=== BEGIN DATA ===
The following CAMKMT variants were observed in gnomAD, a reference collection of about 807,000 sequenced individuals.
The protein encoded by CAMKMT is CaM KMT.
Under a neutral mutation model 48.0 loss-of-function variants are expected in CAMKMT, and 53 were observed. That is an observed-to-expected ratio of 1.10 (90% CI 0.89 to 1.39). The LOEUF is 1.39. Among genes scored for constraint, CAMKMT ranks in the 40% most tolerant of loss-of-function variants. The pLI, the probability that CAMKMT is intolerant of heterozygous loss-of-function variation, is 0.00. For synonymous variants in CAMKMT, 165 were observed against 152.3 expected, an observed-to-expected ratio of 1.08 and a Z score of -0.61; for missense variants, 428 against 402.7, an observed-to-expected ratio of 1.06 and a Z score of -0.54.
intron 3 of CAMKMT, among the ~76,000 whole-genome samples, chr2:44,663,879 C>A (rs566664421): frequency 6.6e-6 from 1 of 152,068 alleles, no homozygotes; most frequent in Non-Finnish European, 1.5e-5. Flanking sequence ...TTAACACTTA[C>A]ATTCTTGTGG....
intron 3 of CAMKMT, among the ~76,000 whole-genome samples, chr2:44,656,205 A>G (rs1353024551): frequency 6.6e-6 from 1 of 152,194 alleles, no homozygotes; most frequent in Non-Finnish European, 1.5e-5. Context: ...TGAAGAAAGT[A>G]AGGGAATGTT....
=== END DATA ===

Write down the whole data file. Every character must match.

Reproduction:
The following CAMKMT variants were observed in gnomAD, a reference collection of about 807,000 sequenced individuals.
The protein encoded by CAMKMT is CaM KMT.
Under a neutral mutation model 48.0 loss-of-function variants are expected in CAMKMT, and 53 were observed. That is an observed-to-expected ratio of 1.10 (90% CI 0.89 to 1.39). The LOEUF is 1.39. Among genes scored for constraint, CAMKMT ranks in the 40% most tolerant of loss-of-function variants. The pLI, the probability that CAMKMT is intolerant of heterozygous loss-of-function variation, is 0.00. For synonymous variants in CAMKMT, 165 were observed against 152.3 expected, an observed-to-expected ratio of 1.08 and a Z score of -0.61; for missense variants, 428 against 402.7, an observed-to-expected ratio of 1.06 and a Z score of -0.54.
intron 3 of CAMKMT, among the ~76,000 whole-genome samples, chr2:44,663,879 C>A (rs566664421): frequency 6.6e-6 from 1 of 152,068 alleles, no homozygotes; most frequent in Non-Finnish European, 1.5e-5. Flanking sequence ...TTAACACTTA[C>A]ATTCTTGTGG....
intron 3 of CAMKMT, among the ~76,000 whole-genome samples, chr2:44,656,205 A>G (rs1353024551): frequency 6.6e-6 from 1 of 152,194 alleles, no homozygotes; most frequent in Non-Finnish European, 1.5e-5. Context: ...TGAAGAAAGT[A>G]AGGGAATGTT....